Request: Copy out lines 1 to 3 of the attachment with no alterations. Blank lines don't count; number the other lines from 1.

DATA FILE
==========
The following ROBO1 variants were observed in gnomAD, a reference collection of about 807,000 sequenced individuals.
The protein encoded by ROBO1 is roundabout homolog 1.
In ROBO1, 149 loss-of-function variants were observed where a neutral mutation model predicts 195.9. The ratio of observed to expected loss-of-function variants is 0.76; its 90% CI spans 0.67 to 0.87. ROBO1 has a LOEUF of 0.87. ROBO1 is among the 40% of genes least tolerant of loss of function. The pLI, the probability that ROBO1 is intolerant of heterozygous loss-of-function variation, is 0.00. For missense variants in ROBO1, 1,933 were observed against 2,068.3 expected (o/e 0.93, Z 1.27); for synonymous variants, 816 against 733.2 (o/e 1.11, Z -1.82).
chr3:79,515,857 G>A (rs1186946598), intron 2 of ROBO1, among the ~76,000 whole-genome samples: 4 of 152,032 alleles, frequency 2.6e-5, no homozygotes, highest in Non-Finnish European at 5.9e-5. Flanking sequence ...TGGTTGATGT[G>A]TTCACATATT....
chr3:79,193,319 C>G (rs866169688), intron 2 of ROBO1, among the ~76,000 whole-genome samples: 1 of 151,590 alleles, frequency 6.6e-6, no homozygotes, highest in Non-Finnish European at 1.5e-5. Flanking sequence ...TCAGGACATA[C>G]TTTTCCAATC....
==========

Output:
The following ROBO1 variants were observed in gnomAD, a reference collection of about 807,000 sequenced individuals.
The protein encoded by ROBO1 is roundabout homolog 1.
In ROBO1, 149 loss-of-function variants were observed where a neutral mutation model predicts 195.9. The ratio of observed to expected loss-of-function variants is 0.76; its 90% CI spans 0.67 to 0.87. ROBO1 has a LOEUF of 0.87. ROBO1 is among the 40% of genes least tolerant of loss of function. The pLI, the probability that ROBO1 is intolerant of heterozygous loss-of-function variation, is 0.00. For missense variants in ROBO1, 1,933 were observed against 2,068.3 expected (o/e 0.93, Z 1.27); for synonymous variants, 816 against 733.2 (o/e 1.11, Z -1.82).